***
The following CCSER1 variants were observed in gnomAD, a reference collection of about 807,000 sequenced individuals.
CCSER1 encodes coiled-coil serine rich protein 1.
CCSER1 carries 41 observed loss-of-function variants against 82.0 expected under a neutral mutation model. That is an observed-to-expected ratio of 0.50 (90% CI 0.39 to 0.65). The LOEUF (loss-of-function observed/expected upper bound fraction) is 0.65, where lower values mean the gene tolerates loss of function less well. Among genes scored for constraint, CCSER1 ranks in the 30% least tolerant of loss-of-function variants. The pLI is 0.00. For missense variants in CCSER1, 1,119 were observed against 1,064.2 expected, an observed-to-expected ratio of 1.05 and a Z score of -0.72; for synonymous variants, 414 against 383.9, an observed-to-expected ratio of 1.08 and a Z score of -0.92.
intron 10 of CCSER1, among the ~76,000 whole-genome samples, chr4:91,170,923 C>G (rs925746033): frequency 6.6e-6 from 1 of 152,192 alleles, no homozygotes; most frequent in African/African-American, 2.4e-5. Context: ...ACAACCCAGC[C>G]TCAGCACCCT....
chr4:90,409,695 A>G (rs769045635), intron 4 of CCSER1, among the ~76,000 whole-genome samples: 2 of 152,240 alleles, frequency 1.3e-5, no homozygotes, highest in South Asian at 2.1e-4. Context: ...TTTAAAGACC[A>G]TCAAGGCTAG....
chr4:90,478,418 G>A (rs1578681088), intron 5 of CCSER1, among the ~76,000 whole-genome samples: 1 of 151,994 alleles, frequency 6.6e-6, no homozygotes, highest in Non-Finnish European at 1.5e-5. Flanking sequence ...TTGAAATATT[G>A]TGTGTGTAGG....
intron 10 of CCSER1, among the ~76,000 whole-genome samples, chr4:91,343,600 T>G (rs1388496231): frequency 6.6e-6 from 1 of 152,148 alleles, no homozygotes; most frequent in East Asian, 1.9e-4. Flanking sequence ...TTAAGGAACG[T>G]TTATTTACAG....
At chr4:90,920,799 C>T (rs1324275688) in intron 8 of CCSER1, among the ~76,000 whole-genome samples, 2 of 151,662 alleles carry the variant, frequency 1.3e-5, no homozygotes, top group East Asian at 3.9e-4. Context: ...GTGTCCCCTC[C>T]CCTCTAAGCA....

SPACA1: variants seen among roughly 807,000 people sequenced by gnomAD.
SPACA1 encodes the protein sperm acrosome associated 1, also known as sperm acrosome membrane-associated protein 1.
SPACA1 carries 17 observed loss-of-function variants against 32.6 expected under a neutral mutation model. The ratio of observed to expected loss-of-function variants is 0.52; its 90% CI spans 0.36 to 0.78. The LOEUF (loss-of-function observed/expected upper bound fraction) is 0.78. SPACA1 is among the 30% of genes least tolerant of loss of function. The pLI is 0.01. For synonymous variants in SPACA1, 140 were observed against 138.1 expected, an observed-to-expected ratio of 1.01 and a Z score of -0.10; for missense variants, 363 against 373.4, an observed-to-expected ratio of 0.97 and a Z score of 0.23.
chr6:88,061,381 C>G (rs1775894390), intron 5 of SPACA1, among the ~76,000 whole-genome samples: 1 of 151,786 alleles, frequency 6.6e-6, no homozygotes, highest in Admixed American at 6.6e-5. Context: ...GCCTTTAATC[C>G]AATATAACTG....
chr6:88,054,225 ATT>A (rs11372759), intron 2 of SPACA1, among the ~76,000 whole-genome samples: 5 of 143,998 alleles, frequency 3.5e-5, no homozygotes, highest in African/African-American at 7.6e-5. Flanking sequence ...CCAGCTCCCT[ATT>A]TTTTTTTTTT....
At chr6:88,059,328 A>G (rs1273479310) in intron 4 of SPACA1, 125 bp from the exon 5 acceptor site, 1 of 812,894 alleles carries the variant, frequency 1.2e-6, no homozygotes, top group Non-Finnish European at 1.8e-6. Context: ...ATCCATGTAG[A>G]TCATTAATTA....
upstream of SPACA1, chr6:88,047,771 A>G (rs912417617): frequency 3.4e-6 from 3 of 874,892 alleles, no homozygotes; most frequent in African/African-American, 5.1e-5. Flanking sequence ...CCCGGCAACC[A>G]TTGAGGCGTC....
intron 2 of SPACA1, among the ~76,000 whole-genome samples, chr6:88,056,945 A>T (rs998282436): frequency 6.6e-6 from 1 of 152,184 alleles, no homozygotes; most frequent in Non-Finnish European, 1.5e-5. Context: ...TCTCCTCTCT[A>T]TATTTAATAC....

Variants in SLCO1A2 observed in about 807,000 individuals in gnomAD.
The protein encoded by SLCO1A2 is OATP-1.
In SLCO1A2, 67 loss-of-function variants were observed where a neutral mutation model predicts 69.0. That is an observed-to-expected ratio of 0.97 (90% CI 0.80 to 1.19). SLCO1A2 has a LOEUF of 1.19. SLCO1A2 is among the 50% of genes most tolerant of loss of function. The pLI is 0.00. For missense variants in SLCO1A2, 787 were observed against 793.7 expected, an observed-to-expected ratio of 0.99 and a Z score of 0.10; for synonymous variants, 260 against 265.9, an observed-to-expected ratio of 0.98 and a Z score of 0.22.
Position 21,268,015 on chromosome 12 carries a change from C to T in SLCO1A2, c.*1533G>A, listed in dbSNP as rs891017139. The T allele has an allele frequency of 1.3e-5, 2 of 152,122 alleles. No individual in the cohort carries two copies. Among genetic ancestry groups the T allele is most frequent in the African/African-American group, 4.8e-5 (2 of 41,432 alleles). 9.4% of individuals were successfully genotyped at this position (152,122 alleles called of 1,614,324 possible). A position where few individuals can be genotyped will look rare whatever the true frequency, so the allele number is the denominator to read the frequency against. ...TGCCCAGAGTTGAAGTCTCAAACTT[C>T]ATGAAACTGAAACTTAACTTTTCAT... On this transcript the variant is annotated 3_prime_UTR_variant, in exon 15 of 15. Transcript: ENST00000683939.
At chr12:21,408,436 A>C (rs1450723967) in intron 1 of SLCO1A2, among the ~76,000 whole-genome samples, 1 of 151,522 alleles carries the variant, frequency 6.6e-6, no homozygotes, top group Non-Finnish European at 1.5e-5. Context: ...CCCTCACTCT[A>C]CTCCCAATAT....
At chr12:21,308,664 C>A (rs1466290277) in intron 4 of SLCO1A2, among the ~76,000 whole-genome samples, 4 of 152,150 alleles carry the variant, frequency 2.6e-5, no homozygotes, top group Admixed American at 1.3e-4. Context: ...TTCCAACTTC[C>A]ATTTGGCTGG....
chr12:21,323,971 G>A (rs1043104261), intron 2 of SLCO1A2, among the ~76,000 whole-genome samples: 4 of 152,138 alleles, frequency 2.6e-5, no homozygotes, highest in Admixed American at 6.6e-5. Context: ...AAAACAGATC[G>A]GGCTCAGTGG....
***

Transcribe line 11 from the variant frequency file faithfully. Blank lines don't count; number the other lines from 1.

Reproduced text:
SPACA1 carries 17 observed loss-of-function variants against 32.6 expected under a neutral mutation model. The ratio of observed to expected loss-of-function variants is 0.52; its 90% CI spans 0.36 to 0.78. The LOEUF (loss-of-function observed/expected upper bound fraction) is 0.78. SPACA1 is among the 30% of genes least tolerant of loss of function. The pLI is 0.01. For synonymous variants in SPACA1, 140 were observed against 138.1 expected, an observed-to-expected ratio of 1.01 and a Z score of -0.10; for missense variants, 363 against 373.4, an observed-to-expected ratio of 0.97 and a Z score of 0.23.